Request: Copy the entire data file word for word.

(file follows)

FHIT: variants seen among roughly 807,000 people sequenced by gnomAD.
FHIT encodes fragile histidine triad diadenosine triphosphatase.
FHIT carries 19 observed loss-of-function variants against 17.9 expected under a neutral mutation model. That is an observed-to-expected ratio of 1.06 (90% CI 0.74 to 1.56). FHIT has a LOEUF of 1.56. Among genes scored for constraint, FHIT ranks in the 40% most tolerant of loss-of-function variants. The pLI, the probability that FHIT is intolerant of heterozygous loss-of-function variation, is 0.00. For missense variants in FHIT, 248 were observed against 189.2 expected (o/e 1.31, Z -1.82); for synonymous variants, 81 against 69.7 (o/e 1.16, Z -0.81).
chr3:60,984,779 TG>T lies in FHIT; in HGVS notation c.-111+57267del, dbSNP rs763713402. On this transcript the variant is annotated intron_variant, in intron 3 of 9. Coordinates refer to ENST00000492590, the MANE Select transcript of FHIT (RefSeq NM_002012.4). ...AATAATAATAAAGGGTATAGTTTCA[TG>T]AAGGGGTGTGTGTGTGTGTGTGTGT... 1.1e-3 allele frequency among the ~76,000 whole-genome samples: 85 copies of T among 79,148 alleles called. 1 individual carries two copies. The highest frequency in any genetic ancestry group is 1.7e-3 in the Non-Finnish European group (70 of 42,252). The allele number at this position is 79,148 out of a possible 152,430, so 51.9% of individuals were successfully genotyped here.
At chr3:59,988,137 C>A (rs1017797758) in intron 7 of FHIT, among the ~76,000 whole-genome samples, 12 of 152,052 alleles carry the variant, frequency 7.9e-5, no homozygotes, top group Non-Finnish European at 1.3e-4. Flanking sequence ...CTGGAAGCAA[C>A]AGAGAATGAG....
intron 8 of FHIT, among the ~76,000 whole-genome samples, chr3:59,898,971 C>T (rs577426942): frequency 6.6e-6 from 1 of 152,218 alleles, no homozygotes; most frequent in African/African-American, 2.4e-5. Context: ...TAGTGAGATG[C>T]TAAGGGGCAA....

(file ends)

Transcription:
FHIT: variants seen among roughly 807,000 people sequenced by gnomAD.
FHIT encodes fragile histidine triad diadenosine triphosphatase.
FHIT carries 19 observed loss-of-function variants against 17.9 expected under a neutral mutation model. That is an observed-to-expected ratio of 1.06 (90% CI 0.74 to 1.56). FHIT has a LOEUF of 1.56. Among genes scored for constraint, FHIT ranks in the 40% most tolerant of loss-of-function variants. The pLI, the probability that FHIT is intolerant of heterozygous loss-of-function variation, is 0.00. For missense variants in FHIT, 248 were observed against 189.2 expected (o/e 1.31, Z -1.82); for synonymous variants, 81 against 69.7 (o/e 1.16, Z -0.81).
chr3:60,984,779 TG>T lies in FHIT; in HGVS notation c.-111+57267del, dbSNP rs763713402. On this transcript the variant is annotated intron_variant, in intron 3 of 9. Coordinates refer to ENST00000492590, the MANE Select transcript of FHIT (RefSeq NM_002012.4). ...AATAATAATAAAGGGTATAGTTTCA[TG>T]AAGGGGTGTGTGTGTGTGTGTGTGT... 1.1e-3 allele frequency among the ~76,000 whole-genome samples: 85 copies of T among 79,148 alleles called. 1 individual carries two copies. The highest frequency in any genetic ancestry group is 1.7e-3 in the Non-Finnish European group (70 of 42,252). The allele number at this position is 79,148 out of a possible 152,430, so 51.9% of individuals were successfully genotyped here.
At chr3:59,988,137 C>A (rs1017797758) in intron 7 of FHIT, among the ~76,000 whole-genome samples, 12 of 152,052 alleles carry the variant, frequency 7.9e-5, no homozygotes, top group Non-Finnish European at 1.3e-4. Flanking sequence ...CTGGAAGCAA[C>A]AGAGAATGAG....
intron 8 of FHIT, among the ~76,000 whole-genome samples, chr3:59,898,971 C>T (rs577426942): frequency 6.6e-6 from 1 of 152,218 alleles, no homozygotes; most frequent in African/African-American, 2.4e-5. Context: ...TAGTGAGATG[C>T]TAAGGGGCAA....